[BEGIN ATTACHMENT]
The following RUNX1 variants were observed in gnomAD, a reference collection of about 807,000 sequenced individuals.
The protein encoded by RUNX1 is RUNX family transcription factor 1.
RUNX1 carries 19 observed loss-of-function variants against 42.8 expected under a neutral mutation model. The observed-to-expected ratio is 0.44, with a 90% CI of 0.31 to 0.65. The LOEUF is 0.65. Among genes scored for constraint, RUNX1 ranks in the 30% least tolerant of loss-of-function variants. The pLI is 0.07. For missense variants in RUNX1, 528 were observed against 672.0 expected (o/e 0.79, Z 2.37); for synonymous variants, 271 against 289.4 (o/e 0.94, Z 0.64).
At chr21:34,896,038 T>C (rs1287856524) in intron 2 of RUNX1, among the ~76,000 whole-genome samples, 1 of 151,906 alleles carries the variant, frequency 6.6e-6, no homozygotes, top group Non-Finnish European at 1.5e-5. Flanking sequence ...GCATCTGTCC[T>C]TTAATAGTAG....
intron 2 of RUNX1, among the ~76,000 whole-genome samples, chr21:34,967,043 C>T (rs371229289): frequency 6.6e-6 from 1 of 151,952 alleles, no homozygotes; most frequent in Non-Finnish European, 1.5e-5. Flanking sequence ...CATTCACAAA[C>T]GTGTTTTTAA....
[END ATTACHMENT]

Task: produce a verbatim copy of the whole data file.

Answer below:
The following RUNX1 variants were observed in gnomAD, a reference collection of about 807,000 sequenced individuals.
The protein encoded by RUNX1 is RUNX family transcription factor 1.
RUNX1 carries 19 observed loss-of-function variants against 42.8 expected under a neutral mutation model. The observed-to-expected ratio is 0.44, with a 90% CI of 0.31 to 0.65. The LOEUF is 0.65. Among genes scored for constraint, RUNX1 ranks in the 30% least tolerant of loss-of-function variants. The pLI is 0.07. For missense variants in RUNX1, 528 were observed against 672.0 expected (o/e 0.79, Z 2.37); for synonymous variants, 271 against 289.4 (o/e 0.94, Z 0.64).
At chr21:34,896,038 T>C (rs1287856524) in intron 2 of RUNX1, among the ~76,000 whole-genome samples, 1 of 151,906 alleles carries the variant, frequency 6.6e-6, no homozygotes, top group Non-Finnish European at 1.5e-5. Flanking sequence ...GCATCTGTCC[T>C]TTAATAGTAG....
intron 2 of RUNX1, among the ~76,000 whole-genome samples, chr21:34,967,043 C>T (rs371229289): frequency 6.6e-6 from 1 of 151,952 alleles, no homozygotes; most frequent in Non-Finnish European, 1.5e-5. Flanking sequence ...CATTCACAAA[C>T]GTGTTTTTAA....